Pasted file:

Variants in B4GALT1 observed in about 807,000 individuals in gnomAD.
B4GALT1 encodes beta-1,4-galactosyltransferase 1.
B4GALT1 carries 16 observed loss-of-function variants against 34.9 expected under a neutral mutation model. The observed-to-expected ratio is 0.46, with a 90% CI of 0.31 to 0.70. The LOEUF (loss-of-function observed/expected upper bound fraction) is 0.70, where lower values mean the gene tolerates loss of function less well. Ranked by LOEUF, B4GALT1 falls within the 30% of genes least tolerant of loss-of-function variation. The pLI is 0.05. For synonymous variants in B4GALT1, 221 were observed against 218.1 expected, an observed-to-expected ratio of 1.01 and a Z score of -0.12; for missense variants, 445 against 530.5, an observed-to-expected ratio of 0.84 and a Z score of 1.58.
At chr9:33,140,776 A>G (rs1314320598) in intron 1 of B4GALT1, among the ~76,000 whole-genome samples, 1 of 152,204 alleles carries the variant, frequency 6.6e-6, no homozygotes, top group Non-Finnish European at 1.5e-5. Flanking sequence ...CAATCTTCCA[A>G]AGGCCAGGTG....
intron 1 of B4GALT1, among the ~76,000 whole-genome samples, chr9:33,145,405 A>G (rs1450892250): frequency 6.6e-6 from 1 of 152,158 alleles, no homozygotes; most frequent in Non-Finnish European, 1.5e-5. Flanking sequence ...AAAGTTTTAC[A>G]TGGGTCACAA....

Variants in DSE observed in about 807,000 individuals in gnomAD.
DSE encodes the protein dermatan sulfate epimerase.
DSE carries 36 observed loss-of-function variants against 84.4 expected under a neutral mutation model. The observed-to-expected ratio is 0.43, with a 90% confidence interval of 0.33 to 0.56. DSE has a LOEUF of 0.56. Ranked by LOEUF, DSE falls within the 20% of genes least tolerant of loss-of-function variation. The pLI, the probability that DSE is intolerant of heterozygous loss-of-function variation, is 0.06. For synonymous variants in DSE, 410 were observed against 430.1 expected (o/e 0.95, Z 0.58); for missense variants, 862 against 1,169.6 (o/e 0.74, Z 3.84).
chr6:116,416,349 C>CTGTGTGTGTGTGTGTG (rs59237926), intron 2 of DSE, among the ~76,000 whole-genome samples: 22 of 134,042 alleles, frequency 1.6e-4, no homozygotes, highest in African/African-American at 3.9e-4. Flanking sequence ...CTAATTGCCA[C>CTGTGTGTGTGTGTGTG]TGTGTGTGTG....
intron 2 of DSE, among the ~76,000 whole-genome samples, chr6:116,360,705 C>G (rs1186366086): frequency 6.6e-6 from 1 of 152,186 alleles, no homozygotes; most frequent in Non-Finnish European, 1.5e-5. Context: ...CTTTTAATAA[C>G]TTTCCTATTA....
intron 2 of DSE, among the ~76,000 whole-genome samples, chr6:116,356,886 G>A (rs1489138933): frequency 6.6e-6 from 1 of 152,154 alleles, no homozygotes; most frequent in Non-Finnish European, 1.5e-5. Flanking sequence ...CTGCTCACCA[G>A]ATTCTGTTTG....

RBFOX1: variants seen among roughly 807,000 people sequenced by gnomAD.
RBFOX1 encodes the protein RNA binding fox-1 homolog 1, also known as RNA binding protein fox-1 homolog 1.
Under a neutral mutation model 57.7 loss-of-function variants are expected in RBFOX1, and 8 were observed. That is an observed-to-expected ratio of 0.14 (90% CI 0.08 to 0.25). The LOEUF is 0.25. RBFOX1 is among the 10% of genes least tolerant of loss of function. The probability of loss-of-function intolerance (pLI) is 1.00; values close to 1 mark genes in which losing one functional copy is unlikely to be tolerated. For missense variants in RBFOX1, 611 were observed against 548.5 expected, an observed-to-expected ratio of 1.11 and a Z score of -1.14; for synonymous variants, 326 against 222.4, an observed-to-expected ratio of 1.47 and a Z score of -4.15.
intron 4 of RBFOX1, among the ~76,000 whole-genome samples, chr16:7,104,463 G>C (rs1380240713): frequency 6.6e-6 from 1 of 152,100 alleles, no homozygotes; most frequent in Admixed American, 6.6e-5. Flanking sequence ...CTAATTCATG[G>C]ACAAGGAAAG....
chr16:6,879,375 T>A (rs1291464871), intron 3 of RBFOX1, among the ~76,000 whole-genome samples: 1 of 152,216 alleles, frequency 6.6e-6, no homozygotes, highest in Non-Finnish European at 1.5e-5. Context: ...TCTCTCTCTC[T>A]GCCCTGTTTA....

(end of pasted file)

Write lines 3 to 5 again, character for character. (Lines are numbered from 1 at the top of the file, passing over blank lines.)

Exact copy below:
B4GALT1 carries 16 observed loss-of-function variants against 34.9 expected under a neutral mutation model. The observed-to-expected ratio is 0.46, with a 90% CI of 0.31 to 0.70. The LOEUF (loss-of-function observed/expected upper bound fraction) is 0.70, where lower values mean the gene tolerates loss of function less well. Ranked by LOEUF, B4GALT1 falls within the 30% of genes least tolerant of loss-of-function variation. The pLI is 0.05. For synonymous variants in B4GALT1, 221 were observed against 218.1 expected, an observed-to-expected ratio of 1.01 and a Z score of -0.12; for missense variants, 445 against 530.5, an observed-to-expected ratio of 0.84 and a Z score of 1.58.
At chr9:33,140,776 A>G (rs1314320598) in intron 1 of B4GALT1, among the ~76,000 whole-genome samples, 1 of 152,204 alleles carries the variant, frequency 6.6e-6, no homozygotes, top group Non-Finnish European at 1.5e-5. Flanking sequence ...CAATCTTCCA[A>G]AGGCCAGGTG....
intron 1 of B4GALT1, among the ~76,000 whole-genome samples, chr9:33,145,405 A>G (rs1450892250): frequency 6.6e-6 from 1 of 152,158 alleles, no homozygotes; most frequent in Non-Finnish European, 1.5e-5. Flanking sequence ...AAAGTTTTAC[A>G]TGGGTCACAA....